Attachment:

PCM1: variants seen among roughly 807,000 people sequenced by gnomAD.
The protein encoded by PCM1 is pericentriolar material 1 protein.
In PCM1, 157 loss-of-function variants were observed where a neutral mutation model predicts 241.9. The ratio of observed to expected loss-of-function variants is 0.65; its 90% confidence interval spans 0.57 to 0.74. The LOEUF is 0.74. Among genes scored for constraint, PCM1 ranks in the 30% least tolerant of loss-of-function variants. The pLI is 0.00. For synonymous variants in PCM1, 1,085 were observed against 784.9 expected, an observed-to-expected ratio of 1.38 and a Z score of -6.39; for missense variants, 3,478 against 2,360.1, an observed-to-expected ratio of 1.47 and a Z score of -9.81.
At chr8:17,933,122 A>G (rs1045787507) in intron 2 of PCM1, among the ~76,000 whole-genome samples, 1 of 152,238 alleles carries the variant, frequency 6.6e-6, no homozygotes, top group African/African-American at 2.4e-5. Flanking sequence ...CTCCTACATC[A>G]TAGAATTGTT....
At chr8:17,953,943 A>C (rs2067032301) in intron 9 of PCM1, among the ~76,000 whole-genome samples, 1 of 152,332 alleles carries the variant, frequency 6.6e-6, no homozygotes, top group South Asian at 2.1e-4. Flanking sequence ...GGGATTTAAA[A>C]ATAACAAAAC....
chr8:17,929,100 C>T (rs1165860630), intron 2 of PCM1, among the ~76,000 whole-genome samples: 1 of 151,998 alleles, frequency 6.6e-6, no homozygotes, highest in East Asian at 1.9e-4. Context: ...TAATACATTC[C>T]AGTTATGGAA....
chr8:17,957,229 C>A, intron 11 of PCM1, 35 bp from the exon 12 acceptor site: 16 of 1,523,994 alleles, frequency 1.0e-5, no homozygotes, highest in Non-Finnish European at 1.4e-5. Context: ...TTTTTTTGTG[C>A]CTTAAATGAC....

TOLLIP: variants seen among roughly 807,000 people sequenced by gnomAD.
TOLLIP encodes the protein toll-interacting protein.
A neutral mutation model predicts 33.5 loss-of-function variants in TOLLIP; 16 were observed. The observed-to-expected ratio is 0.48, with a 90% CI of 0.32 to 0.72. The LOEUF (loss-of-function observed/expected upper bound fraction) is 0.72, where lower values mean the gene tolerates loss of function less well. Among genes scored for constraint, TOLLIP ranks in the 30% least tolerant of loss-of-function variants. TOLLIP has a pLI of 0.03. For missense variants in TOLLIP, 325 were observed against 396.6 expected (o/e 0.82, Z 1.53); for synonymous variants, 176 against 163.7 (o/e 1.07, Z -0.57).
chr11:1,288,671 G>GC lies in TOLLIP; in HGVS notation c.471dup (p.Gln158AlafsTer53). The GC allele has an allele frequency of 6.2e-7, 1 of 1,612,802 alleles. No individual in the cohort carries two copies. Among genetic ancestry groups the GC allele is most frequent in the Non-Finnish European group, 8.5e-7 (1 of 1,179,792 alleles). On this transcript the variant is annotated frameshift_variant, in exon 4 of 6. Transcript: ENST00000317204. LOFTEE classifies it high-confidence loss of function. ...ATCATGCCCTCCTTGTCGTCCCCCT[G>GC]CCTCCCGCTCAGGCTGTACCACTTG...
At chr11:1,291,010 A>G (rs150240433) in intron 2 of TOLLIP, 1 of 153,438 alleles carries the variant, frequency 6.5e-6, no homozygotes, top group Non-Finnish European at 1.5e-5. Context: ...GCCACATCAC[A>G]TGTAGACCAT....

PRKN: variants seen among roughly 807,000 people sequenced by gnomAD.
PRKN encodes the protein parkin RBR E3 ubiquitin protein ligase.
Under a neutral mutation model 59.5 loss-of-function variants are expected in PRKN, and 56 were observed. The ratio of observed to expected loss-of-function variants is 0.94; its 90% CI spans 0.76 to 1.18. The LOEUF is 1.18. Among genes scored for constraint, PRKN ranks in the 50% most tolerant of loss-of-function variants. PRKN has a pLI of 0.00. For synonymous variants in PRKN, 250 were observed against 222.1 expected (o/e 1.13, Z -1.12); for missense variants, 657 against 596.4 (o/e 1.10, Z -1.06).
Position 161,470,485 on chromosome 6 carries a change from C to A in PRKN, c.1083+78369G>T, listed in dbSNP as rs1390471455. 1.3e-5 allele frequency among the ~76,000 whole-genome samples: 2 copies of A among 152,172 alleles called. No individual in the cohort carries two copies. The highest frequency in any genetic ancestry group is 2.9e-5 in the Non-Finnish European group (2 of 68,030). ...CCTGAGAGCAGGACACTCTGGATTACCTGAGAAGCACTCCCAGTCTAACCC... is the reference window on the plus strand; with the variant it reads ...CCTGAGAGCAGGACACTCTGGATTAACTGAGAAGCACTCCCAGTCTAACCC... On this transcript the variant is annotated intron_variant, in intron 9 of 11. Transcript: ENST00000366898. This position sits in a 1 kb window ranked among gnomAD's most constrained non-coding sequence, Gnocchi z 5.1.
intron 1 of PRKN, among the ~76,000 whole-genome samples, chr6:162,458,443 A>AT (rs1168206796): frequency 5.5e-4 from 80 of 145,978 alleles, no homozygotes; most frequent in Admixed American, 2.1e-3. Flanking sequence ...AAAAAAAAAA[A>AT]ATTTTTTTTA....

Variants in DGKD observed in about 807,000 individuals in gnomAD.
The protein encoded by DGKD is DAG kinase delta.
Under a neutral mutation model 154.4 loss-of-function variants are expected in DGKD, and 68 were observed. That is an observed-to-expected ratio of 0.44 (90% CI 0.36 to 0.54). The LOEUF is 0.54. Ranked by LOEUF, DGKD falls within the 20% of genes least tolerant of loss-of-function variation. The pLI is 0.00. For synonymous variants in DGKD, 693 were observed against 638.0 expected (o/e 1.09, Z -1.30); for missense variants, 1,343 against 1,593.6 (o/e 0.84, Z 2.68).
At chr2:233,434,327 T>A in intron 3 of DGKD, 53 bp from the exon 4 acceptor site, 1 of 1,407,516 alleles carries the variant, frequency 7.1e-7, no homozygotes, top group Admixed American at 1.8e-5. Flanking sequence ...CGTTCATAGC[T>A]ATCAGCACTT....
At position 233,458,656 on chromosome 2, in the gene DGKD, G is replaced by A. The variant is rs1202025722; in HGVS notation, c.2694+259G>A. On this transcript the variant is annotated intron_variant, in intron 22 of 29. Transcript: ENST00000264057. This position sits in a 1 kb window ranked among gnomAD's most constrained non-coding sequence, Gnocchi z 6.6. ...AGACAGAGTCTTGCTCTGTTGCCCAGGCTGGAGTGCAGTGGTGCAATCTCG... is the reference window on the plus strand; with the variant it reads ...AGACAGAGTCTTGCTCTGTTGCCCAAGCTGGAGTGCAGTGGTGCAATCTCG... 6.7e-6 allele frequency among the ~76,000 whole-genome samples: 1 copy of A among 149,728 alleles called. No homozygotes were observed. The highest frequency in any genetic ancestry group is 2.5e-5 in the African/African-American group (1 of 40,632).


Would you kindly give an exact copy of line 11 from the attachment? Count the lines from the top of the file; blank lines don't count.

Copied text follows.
chr11:1,288,671 G>GC lies in TOLLIP; in HGVS notation c.471dup (p.Gln158AlafsTer53). The GC allele has an allele frequency of 6.2e-7, 1 of 1,612,802 alleles. No individual in the cohort carries two copies. Among genetic ancestry groups the GC allele is most frequent in the Non-Finnish European group, 8.5e-7 (1 of 1,179,792 alleles). On this transcript the variant is annotated frameshift_variant, in exon 4 of 6. Transcript: ENST00000317204. LOFTEE classifies it high-confidence loss of function. ...ATCATGCCCTCCTTGTCGTCCCCCT[G>GC]CCTCCCGCTCAGGCTGTACCACTTG...